Dr. John F. Wheeler had been hiding in an abandoned cabin in Salt Hollow, a mile west of Cleveland's mill, for parts of two days and nights since his November 7, 1879, escape from the county jail at Ukiah. Around noon on Nov. 9th two members of a posse spotted smoke rising from the cabin's chimney. Moving in close, one of them called, “Who's there?”
From inside, Wheeler weakly replied, “Me”
The two posse men ordered Wheeler to exit the cabin. The fugitive said he was too sick to walk. “Then crawl out.”
The door of the cabin inched open and, indeed, the wanted man pawed his way forward on his belly. “Are you heeled?”
Wheeler raised his head and grinned. “Yes.”
“Acorns and manzanita berries.” The posse men chuckled. Wheeler reached into a pocket and flung a handful of berries a few feet.
The searchers lifted Wheeler onto a horse and rode with him to Calpella. There, five deputized men placed him in a wagon and drove him to Ukiah. News of the fugitive's capture reached town ahead of the prisoner. By the time the wagon drew near the county courthouse and jail, a crowd of men gathered. Shouts of “Hang him,” spurred Wheeler. When the wagon closed in on the courthouse, the supposedly weakened prisoner jumped from the wagon and ran into the jailhouse to escape the mob.
Deputies raced inside as well. They tried to close the courthouse door, but a boot literally kept it wedged it open. At least one pistol was drawn and cocked outside. Finally, the door slammed all the way shut. With no way into the jail and Wheeler out of sight, the crowd dispersed.
The next day, Under-Sheriff Seawell invited A.O. Carpenter, editor of the Ukiah City Press, to visit Dr. Wheeler in his cell. At about the same eventide in which Wheeler and Anthony had made their escape, Carpenter dropped in on the Mendocino dentist.
The newspaper man found Wheeler fully clothed but abed in his dimly lit jailhouse accommodation, blankets tucked up to the prisoner's jutting chin. The accused apologized for retiring early, citing his injuries during the escape attempt as the cause.
The doctor continued to deny any knowledge of Billings, Brown, Gaunce, and Carr's plans to rob the sheriff of tax collection dollars and he strenuously asserted his innocence in connection to the foursome's murder of Dollard and Wright, of the Mendocino posse.
Wheeler recounted his exit from San Quentin in February, 1877, how he set up a dental practice nearby in San Rafael, then married. According to the dentist, as other ex-convicts were released with but three dollars in their pockets they obliged him to assist them monetarily under threat that they would tell his patients about his prison stint. Wheeler apparently omitted any detailed reference to his violent stay in Bodie, instead, simply implying that he had been driven from his San Rafael practice by these fellow jailbird acquaintances. He told Carpenter of a short stay in Point Arena in the early summer of 1878 before finding success and respect for his dental and medical practice in Mendocino City from August 1878 until his recent arrest.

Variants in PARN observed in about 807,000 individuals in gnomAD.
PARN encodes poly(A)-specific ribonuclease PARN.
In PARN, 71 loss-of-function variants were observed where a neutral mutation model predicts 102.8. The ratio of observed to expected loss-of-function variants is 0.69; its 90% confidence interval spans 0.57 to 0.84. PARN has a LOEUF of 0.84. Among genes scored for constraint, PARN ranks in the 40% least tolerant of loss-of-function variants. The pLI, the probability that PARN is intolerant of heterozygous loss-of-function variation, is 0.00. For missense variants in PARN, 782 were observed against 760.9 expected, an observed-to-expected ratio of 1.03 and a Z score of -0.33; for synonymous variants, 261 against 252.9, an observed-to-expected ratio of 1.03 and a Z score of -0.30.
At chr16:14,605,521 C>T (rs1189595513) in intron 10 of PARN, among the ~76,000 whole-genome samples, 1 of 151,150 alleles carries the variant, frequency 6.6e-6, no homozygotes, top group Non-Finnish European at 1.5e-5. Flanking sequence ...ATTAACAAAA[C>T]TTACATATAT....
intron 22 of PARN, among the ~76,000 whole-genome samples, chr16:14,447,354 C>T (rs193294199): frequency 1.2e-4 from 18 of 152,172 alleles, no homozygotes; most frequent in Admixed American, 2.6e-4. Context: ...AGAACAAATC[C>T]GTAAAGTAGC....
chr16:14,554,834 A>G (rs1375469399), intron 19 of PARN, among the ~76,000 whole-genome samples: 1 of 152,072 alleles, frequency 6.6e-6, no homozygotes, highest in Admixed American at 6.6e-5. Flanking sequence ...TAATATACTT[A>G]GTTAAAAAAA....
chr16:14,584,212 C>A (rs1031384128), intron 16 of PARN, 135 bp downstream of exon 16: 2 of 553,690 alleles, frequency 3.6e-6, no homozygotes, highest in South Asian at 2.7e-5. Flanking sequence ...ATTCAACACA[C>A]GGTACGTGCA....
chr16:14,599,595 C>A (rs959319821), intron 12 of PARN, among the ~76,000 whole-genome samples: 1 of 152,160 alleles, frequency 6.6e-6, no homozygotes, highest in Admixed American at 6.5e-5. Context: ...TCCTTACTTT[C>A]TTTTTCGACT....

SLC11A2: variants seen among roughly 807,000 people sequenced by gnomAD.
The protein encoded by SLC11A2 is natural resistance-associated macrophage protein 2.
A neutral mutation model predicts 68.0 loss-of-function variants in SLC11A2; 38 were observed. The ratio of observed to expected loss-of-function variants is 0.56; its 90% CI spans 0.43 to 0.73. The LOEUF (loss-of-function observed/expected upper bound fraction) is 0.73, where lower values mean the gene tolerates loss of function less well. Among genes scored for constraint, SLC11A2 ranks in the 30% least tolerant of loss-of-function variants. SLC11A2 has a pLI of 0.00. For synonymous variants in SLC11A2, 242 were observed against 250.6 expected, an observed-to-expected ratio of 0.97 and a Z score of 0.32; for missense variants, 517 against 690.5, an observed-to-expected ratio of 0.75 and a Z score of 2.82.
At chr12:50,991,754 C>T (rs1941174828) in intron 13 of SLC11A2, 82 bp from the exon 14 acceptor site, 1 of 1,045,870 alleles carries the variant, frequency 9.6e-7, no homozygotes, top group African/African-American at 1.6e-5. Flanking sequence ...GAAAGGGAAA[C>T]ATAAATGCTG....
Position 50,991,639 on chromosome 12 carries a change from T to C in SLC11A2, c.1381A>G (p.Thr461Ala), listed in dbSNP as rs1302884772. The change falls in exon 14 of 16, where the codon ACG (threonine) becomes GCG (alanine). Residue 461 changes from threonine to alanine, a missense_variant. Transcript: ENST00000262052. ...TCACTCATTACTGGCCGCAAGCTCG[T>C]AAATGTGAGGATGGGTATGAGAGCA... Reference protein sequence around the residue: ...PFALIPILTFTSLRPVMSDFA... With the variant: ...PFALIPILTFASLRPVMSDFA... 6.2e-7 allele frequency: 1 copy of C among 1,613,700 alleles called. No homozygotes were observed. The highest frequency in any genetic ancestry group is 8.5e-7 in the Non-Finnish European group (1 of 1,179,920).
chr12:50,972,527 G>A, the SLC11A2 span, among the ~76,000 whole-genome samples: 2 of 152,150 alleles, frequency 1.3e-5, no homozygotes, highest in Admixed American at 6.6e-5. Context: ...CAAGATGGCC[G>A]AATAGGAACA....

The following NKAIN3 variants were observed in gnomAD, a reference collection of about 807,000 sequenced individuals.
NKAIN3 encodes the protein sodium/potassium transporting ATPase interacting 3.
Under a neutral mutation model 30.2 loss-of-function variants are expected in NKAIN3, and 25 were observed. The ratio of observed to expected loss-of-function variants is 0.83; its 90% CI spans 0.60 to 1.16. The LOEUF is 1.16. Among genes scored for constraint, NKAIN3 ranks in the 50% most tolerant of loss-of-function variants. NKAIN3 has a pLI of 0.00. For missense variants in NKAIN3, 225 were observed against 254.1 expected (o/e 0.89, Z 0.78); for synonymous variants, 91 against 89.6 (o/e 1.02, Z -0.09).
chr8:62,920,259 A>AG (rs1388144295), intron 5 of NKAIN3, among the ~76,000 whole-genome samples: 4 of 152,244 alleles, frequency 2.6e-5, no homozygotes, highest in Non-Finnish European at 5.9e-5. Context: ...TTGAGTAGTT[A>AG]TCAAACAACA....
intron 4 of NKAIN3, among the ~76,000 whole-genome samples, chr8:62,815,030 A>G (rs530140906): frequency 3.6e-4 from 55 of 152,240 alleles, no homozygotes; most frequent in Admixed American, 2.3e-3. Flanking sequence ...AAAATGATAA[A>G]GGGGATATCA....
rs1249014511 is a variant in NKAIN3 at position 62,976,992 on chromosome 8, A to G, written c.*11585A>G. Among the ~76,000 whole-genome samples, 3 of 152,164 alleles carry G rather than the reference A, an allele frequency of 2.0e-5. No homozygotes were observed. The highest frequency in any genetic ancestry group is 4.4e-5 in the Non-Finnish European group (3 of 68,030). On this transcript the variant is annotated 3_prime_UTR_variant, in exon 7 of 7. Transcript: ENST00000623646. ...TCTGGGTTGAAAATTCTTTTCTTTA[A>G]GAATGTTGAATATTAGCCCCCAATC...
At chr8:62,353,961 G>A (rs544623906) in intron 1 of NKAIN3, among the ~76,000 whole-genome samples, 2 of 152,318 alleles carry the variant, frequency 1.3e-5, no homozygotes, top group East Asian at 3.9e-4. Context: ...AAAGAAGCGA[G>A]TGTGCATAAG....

Wheeler specifically stated, “Why I had every reason to avoid connection with these men. I had married a dear, good wife, was honored and respected, was making a good living, and if I could only have trusted to the good feeling of the community [Mendocino], would have told everyone my whole history, and asked for the help of all true Christians in leading an honest life. But I dared not do so until time had proven me, and I delayed too long. I every day feared some convict or detective would give my secret away. And permitted every one of the former who knew me to call on me for money.
“Courtwright had nothing to fear, as everyone knew he had been in San Quentin. Brown bought a gun of me more than two months ago, but I was told he had been working hard for months, and I supposed he was determined on an honest life. My only hope is that some one of the band will do me the justice to exonerate me from all complicity in their scheme of either murder or robbery. I bought no more ammunition one month than another. Hunting was my only recreation, and I sometimes shot away a whole box of cartridges in a day. I had a large part of my recent purchases on hand when arrested, and could have accounted for them, if they would have given me a chance.”
As the evening cell visit progressed, Wheeler reminded Carpenter of his fellow journalist, John G. Howell, who once edited the Russian River Flag, claiming to have served two years as a deputy under Howell when the newsman was sheriff at Boise City in the 1860s. According to the deputy turned convict then dentist, in the summer of 1868, an acquaintance named Bailey approached him on the streets of Boise, saying he had gotten into some sort of trouble. Wheeler responded, “Don't tell me what it is, but tell me what you want.”
Bailey replied, “I want to leave here and go to Michigan.”
Thinking it a good way to free the territory of him, Wheeler gave Bailey money, a horse, and bid him goodbye. Not long after, federal authorities arrested Bailey.
Dr. Wheeler told newspaperman Carpenter that Bailey's testimony about the Blue Mountain stagecoach robbery sent the good dentist to San Quentin.
( Next time: What really happened in the Blue Mts. of eastern Oregon in the summer of 1868.)